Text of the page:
Go Climb a Tree
On a more personal note , this one is a bit about (little) me and why I am a "treehugger".
In a family of four girls, I was the second middle child. My two older sisters had found their niche early in life. The oldest was a tomboy who played music (mostly the drums) and painted. My second older sister was a flexible ballerina (pretzel) forever showing off her talents as a dancer, gymnast and Chinese contortionist. My younger sister was the baby - "My baby" until she got a mind of her own. As a girl, I was the quiet homebody. Standing on a stool helping in the kitchen or folding warm towels fresh from the dryer were everyday activities for me. I tried impressing my mother with my cleaning talents; getting the finger prints off the door knobs and shining up the window on the oven door. I was content to be mommies little helper.
Other homey activities included time with my kitties and plinking on the piano. In my mind, I was a master of sound and rhythm while hitting the ivory keys. I let my fingers flow, choosing quiet "songs" that flirted with cheerful notes. From my seat at the piano bench I could see the very tall tree across the street. It had a thin trunk that towered over the house it stood in front of. Thin delicate foliage reached out from the trunk with symmetry. It seemed to me that something that tall should simply tip over and hit the ground- but it never did. Part of the enjoyment of playing the piano was looking at this tree. It was these moments that offered time away from busyness and a chance to daydream.
No matter what I was doing indoors - I was always looking outdoors. The windows in the house offered views of various mature trees. I was mesmerized by them as they seemed to happily dance when a light breeze flowed through them. Other times they seemed to fight against gusts of wind and rain . On occasion, a small brown bird would make a nest and I could hear the tiny new birds outside my bedroom window. Rainy days were great, the colors of the trees changed and leaves became shiny.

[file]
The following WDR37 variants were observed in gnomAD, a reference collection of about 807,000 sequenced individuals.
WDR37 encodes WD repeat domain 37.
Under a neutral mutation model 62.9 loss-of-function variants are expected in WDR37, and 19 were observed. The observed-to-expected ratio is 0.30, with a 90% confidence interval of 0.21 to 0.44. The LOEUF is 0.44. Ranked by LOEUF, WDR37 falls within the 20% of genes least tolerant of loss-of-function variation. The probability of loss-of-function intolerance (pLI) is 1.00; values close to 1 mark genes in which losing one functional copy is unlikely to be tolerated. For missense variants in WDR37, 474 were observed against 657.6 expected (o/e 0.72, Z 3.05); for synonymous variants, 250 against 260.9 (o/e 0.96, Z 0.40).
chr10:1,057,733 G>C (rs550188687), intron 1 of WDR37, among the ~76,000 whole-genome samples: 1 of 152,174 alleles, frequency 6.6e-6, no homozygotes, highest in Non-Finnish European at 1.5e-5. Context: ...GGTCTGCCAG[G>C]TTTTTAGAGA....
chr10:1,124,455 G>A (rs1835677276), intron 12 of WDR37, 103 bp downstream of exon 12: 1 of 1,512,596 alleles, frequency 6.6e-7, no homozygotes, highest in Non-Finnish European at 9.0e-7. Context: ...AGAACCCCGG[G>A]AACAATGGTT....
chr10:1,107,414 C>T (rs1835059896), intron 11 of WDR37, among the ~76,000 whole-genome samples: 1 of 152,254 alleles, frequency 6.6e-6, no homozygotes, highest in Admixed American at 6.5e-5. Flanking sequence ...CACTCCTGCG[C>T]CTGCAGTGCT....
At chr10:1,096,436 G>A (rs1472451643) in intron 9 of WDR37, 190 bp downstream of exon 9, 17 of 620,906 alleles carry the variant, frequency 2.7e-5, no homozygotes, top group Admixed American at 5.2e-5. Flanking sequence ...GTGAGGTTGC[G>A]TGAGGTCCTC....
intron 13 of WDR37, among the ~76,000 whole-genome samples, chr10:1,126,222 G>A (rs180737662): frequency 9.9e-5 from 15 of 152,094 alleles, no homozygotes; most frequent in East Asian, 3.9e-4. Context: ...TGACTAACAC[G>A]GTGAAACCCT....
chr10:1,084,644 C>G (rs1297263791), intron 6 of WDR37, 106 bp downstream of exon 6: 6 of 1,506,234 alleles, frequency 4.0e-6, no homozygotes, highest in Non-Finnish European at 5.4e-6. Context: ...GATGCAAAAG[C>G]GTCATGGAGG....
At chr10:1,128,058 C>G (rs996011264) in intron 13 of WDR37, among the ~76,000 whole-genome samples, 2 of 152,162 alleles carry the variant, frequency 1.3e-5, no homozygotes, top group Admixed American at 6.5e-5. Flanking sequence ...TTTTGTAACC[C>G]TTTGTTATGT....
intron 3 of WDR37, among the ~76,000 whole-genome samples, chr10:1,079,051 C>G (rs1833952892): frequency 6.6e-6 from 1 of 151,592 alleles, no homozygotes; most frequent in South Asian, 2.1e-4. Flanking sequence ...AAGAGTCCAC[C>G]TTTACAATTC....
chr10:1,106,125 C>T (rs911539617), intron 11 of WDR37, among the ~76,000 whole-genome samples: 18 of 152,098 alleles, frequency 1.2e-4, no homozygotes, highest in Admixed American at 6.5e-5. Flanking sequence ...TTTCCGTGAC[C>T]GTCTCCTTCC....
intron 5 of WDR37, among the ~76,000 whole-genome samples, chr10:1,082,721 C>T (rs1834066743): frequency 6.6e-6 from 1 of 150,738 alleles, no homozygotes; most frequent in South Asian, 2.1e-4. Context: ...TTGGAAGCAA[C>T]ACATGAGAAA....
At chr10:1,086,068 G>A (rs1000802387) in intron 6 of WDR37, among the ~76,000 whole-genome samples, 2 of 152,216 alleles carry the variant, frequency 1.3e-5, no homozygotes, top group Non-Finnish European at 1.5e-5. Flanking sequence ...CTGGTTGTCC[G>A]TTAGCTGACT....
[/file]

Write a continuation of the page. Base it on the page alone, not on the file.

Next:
My Uncle visited on a regular basis; he and my mom had long talks at the kitchen table. I overheard him say once that trees were alive. This was surprising news! He also mentioned (in reference to the tree bark missing on our trees) that trees can feel. Now this was very interesting to me. I began to see trees with new eyes.
Could the trees I had studied - know I existed?
Where they watching me?
I had a mixture of feelings about this. If they could really see me, what thoughts did they have of me? I was not a contortionist, an artist or the cute little baby - I was just me, plain and ordinary. Would they like me? The awkward feelings extended to other areas of my life. Getting dressed in the morning was a chore now, I had to make sure I could not be seen through the curtains. After all, if the trees where alive I couldn't take a chance on them seeing me.
Over time, the anxiousness about the trees lessened and I developed empathy for them. Looking at the pepper tree in my backyard, I noticed how it was stuck. Attatched to the ground and couldn't go anywhere. It had to endure cold nights and rainy days. Never being sheltered but always offering shelter it to others. I liked trees even more now that they were alive. My first sense of kinship was with a tree.
Sticks and stones may break my bones but words will never hurt me.
Feelings of being stuck were something trees and I had in common. I can not recall a day going by without being picked on by my older sisters. The two formed an alliance and it seemed like they were always primed for an attack. One time in particular a favorite television program came on about a musical family. I happily shouted:
"The Partridge Flamily is on!"
A piercing roar of laughter shot out from my sisters.
"F l a m i l y?" they giggled " You dork! That's not how you say it! It's FAMILY."
Feeling small once again, I decided this time I would stick up for myself. Correcting my words and gritting my teeth, I yelled " I meant the Partridge Flamily!" ( I did it... again)
The heat of embarrassment overwhelmed me and I wanted to disappear. I ran outside and sat under the pepper tree; laying down on the cool leafy ground taking refuge under its branches. Then I noticed something I had never seen before - when I looked up to the sky while under the tree I saw the random design of branches coming from the trunk . Light and shadow made the world of the tree seem mystical. A cool breeze blew against my face and I suddenly felt relaxed and safe. .
Not long after that day, I began climbing that pepper tree. When at the tip-top I could see over the roof of my house.
I was as high as the sky!
I was the tallest person in the world!
It was the strongest I had ever felt in my life. I began climbing any tree that would offer it's branches to me. I don't escape into the sky anymore but the peace and sense of tranqulity trees gave me then, I still experience today. Each tree is unique and beautiful - I urge you the next time you see one, look at it with new eyes and discover what it has to offer you.
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